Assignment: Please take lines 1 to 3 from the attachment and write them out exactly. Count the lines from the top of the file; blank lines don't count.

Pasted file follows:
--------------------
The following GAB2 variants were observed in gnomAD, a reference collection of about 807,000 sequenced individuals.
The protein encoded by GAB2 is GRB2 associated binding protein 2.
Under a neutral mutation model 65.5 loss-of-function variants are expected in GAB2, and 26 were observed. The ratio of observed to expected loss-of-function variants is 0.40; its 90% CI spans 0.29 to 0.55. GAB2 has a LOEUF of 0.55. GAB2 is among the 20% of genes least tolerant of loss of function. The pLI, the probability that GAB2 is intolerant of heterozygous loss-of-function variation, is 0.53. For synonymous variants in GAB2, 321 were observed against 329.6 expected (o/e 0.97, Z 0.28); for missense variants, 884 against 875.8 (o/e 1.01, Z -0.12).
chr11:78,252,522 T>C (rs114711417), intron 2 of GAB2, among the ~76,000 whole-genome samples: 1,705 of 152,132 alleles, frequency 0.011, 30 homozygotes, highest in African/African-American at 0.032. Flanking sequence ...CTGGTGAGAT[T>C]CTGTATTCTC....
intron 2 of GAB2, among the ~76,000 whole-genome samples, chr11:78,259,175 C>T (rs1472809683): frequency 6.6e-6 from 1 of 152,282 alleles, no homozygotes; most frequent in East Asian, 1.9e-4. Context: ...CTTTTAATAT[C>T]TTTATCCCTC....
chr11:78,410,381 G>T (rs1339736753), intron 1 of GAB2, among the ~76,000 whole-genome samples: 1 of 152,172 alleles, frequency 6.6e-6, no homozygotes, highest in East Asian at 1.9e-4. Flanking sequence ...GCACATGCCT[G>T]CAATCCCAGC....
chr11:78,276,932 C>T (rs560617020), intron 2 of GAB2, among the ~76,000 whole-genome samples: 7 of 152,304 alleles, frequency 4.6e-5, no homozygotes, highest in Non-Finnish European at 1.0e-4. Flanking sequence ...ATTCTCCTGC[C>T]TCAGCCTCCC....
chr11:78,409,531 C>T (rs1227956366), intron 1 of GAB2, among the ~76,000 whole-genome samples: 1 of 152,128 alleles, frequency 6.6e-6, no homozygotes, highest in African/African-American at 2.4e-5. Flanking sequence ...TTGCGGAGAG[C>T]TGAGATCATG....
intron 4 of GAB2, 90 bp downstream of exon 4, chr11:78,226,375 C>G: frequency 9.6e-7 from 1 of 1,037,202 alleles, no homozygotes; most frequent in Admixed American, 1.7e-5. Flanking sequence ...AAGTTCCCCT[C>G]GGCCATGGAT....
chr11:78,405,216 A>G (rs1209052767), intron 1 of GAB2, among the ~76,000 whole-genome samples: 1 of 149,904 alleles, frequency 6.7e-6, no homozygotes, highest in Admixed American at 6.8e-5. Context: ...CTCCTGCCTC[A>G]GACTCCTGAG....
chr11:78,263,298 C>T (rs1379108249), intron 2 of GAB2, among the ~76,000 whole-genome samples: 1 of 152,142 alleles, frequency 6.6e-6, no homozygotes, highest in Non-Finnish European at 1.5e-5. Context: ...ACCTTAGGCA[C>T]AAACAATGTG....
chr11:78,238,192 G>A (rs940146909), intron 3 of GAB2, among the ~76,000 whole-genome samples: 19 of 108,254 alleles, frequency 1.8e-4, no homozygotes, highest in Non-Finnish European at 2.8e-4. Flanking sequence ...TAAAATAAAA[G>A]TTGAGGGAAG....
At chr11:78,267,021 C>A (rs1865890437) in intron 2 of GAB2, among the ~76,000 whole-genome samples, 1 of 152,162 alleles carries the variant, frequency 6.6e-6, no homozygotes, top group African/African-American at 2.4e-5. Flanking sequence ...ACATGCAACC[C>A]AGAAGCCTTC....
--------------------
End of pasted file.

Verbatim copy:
The following GAB2 variants were observed in gnomAD, a reference collection of about 807,000 sequenced individuals.
The protein encoded by GAB2 is GRB2 associated binding protein 2.
Under a neutral mutation model 65.5 loss-of-function variants are expected in GAB2, and 26 were observed. The ratio of observed to expected loss-of-function variants is 0.40; its 90% CI spans 0.29 to 0.55. GAB2 has a LOEUF of 0.55. GAB2 is among the 20% of genes least tolerant of loss of function. The pLI, the probability that GAB2 is intolerant of heterozygous loss-of-function variation, is 0.53. For synonymous variants in GAB2, 321 were observed against 329.6 expected (o/e 0.97, Z 0.28); for missense variants, 884 against 875.8 (o/e 1.01, Z -0.12).